CHERRY HILL, N.J., May 16, 2013 /PRNewswire/ -- Subaru of America, Inc. today announced that the all-new 2014 Forester has received a Top Safety Pick+ (TSP+) award from the Insurance Institute for Highway Safety (IIHS). The 2014 Subaru Forester is the first vehicle to ace every aspect of the challenging small overlap front crash test conducted by the IIHS. The Forester is the only one of 13 small SUVs to earn an overall rating of good in the test. This is not the first time that the Forester has stood out in a new IIHS crash test. When the Institute first rated small SUVs for side protection in 2003, the Subaru model performed the best and was one of only two vehicles to earn good ratings.
"With the redesigned Forester, Subaru's engineers set out to do well in our new test, and they succeeded," says Joe Nolan, the Institute's vice president for vehicle research. "This is exactly how we hoped manufacturers would respond to improve protection for people in these kinds of serious frontal crashes."
This award builds on Subaru's safety reputation and is the first IIHS designation for 2014 model year Subaru vehicles. Subaru is the only manufacturer with 2013 IIHS Top Safety Pick for all models and the only brand with IIHS Top Safety Picks for all models for four years running (2010-2013). The 2014 Forester is the third Subaru vehicle to earn the TSP+ award. The 2013 Subaru Legacy and Subaru Outback (built after August 2012) were awarded the Institute's 2013 TSP+ designation in late-2012. The award requires a "Good" or "Acceptable" rating in the Institute's new small overlap frontal crash test in addition to meeting the base "TSP" award criteria.
"Safety is one of our brand tenets and so we are extremely proud to have earned a TSP+ rating for Forester and a third Top Safety Pick+ rating for our brand," said Thomas J. Doll, president and chief operating officer, Subaru of America, Inc. "The Forester is the most award winning small SUV in America and now we have another designation for this venerable vehicle."
The Institute's frontal crashworthiness evaluations are based on results of a moderate overlap frontal and small overlap crash test. Each vehicle's overall evaluation is based on measurements of intrusion into the occupant compartment, injury measures recorded on a 50th percentile male Hybrid III dummy in the driver seat, and analysis of slow-motion film to assess how well the restraint system controlled dummy movement during the test.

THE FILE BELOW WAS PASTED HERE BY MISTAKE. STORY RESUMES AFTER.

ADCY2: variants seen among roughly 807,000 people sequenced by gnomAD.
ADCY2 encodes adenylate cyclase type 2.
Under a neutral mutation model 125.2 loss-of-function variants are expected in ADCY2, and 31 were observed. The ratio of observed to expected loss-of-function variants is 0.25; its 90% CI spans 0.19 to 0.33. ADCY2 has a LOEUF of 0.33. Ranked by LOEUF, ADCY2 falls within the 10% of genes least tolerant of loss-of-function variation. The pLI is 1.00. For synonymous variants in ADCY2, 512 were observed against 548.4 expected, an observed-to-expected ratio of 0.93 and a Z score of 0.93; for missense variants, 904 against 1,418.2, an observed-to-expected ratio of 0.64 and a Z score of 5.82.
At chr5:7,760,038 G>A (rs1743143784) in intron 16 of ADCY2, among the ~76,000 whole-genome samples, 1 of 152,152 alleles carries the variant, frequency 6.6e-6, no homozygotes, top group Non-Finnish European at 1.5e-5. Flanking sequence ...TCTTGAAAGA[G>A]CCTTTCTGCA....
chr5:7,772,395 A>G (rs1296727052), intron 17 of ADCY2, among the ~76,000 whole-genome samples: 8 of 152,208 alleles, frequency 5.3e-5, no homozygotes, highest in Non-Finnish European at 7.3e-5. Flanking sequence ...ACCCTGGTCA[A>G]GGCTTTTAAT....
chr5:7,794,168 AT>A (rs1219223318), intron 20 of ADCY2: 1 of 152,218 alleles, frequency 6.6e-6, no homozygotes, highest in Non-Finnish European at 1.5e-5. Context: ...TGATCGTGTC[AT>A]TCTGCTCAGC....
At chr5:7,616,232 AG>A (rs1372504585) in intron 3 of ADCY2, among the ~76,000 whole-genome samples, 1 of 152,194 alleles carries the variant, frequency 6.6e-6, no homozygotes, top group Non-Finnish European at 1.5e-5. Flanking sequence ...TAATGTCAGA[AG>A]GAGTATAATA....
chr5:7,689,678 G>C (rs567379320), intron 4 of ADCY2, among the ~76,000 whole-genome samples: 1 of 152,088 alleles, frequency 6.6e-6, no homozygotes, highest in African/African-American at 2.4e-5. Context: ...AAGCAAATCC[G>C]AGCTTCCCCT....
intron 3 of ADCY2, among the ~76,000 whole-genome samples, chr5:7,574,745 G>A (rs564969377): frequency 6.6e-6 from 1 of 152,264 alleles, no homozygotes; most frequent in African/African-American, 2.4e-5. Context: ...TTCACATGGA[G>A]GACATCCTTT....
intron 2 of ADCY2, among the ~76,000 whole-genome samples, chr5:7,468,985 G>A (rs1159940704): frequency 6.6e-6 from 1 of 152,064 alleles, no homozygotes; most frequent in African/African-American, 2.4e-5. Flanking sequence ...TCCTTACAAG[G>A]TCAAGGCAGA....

Building on its long-running vehicle ratings program for consumer information, IIHS introduced the small overlap test in 2012 to further improve occupant protection in frontal crashes. Most automakers design their vehicles for good performance in the IIHS moderate overlap frontal test and the federal government's full-width frontal test, but many haven't addressed the problem of small overlap crashes. In a 2009 IIHS study of vehicles with good ratings for frontal crash protection, small overlap crashes accounted for nearly a quarter of the frontal crashes involving serious or fatal injury to front seat occupants.
The small overlap test is a demanding crash that replicates what happens when the front corner of a car collides with another vehicle or an object like a tree or utility pole. In the test, 25 percent of a car's front end on the driver side strikes a 5-foot-tall rigid barrier at 40 mph.
Side evaluations are based on performance in a crash test in which the side of a vehicle is struck by a barrier moving at 31 mph. The barrier represents the front end of a pickup or SUV. Ratings reflect injury measures recorded on 2-instrumented SID-IIs dummies representing a small (5th percentile) woman, assessment of head protection countermeasures, and the vehicle's structural performance during the impact.
Rear crash protection is rated according to a two-step procedure. Starting points for the ratings are measurements of head restraint geometry -- the height of a restraint and its horizontal distance behind the back of the head of an average size man. Seat/head restraints with good or acceptable geometry are tested dynamically using a dummy that measures forces on the neck. This test simulates a collision in which a stationary vehicle is struck in the rear at 20 mph. Seats without good or acceptable geometry are rated poor overall because they can't be positioned to protect many people.
In the roof strength test, a metal plate is pushed against 1 side of a roof at a constant speed. To earn a good rating for rollover protection, the roof must withstand a force of 4 times the vehicle's weight before reaching 5 inches of crush. This is called a strength-to-weight ratio. For an acceptable rating, the minimum required strength-to-weight ratio is 3.25. A marginal rating value is 2.5. Anything lower than that is rated poor.
About Subaru of America, Inc.
Subaru of America, Inc. is a wholly owned subsidiary of Fuji Heavy Industries Ltd. of Japan. Headquartered at a zero-landfill office in Cherry Hill, N.J., the company markets and distributes Subaru vehicles, parts and accessories through a network of more than 600 dealers across the United States. All Subaru products are manufactured in zero-landfill production plants and Subaru of Indiana Automotive Inc. is the only U.S. automobile production plant to be designated a backyard wildlife habitat by the National Wildlife Federation. For additional information visit media.subaru.com.
Subaru of America, Inc.
Subaru of America, Inc.
SOURCE Subaru of America, Inc.